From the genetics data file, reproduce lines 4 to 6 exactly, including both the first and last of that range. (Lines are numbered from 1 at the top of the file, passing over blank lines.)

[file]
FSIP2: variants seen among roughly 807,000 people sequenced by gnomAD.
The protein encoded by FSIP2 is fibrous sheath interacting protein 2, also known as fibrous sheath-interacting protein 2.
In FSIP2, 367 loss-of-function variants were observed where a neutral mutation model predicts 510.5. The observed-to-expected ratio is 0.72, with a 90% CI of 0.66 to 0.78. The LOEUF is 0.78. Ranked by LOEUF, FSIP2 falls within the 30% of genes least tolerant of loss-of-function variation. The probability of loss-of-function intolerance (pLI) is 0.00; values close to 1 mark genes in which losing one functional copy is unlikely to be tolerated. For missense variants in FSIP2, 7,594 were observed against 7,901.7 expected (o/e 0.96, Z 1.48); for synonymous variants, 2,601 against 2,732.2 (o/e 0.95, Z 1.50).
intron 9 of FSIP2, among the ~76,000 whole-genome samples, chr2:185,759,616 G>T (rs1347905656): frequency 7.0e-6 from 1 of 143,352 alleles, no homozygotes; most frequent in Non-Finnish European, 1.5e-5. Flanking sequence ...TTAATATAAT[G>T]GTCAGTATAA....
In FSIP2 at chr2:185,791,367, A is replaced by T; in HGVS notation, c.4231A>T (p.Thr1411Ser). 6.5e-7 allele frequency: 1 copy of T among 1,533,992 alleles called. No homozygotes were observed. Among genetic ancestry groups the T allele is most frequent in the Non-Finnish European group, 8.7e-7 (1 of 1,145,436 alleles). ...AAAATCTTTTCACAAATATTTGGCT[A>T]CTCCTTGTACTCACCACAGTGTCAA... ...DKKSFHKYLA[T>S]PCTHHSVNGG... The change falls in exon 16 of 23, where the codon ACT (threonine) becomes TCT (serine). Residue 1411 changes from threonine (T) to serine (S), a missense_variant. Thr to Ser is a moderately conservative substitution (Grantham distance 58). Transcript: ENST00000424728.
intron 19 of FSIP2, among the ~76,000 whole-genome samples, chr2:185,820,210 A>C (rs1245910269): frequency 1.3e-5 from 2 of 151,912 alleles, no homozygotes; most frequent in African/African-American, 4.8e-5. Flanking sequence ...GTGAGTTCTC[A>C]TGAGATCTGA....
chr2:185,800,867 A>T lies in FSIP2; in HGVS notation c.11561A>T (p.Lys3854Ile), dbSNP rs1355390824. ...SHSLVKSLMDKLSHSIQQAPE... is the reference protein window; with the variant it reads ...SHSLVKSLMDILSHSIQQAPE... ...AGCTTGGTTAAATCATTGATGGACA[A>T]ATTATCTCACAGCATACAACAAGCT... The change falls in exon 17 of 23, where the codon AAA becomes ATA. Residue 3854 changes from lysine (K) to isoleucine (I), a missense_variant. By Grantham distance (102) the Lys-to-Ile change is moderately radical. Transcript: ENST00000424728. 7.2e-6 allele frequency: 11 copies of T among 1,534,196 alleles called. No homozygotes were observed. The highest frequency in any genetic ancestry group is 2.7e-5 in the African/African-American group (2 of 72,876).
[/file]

intron 9 of FSIP2, among the ~76,000 whole-genome samples, chr2:185,759,616 G>T (rs1347905656): frequency 7.0e-6 from 1 of 143,352 alleles, no homozygotes; most frequent in Non-Finnish European, 1.5e-5. Flanking sequence ...TTAATATAAT[G>T]GTCAGTATAA....
In FSIP2 at chr2:185,791,367, A is replaced by T; in HGVS notation, c.4231A>T (p.Thr1411Ser). 6.5e-7 allele frequency: 1 copy of T among 1,533,992 alleles called. No homozygotes were observed. Among genetic ancestry groups the T allele is most frequent in the Non-Finnish European group, 8.7e-7 (1 of 1,145,436 alleles). ...AAAATCTTTTCACAAATATTTGGCT[A>T]CTCCTTGTACTCACCACAGTGTCAA... ...DKKSFHKYLA[T>S]PCTHHSVNGG... The change falls in exon 16 of 23, where the codon ACT (threonine) becomes TCT (serine). Residue 1411 changes from threonine (T) to serine (S), a missense_variant. Thr to Ser is a moderately conservative substitution (Grantham distance 58). Transcript: ENST00000424728.
intron 19 of FSIP2, among the ~76,000 whole-genome samples, chr2:185,820,210 A>C (rs1245910269): frequency 1.3e-5 from 2 of 151,912 alleles, no homozygotes; most frequent in African/African-American, 4.8e-5. Flanking sequence ...GTGAGTTCTC[A>C]TGAGATCTGA....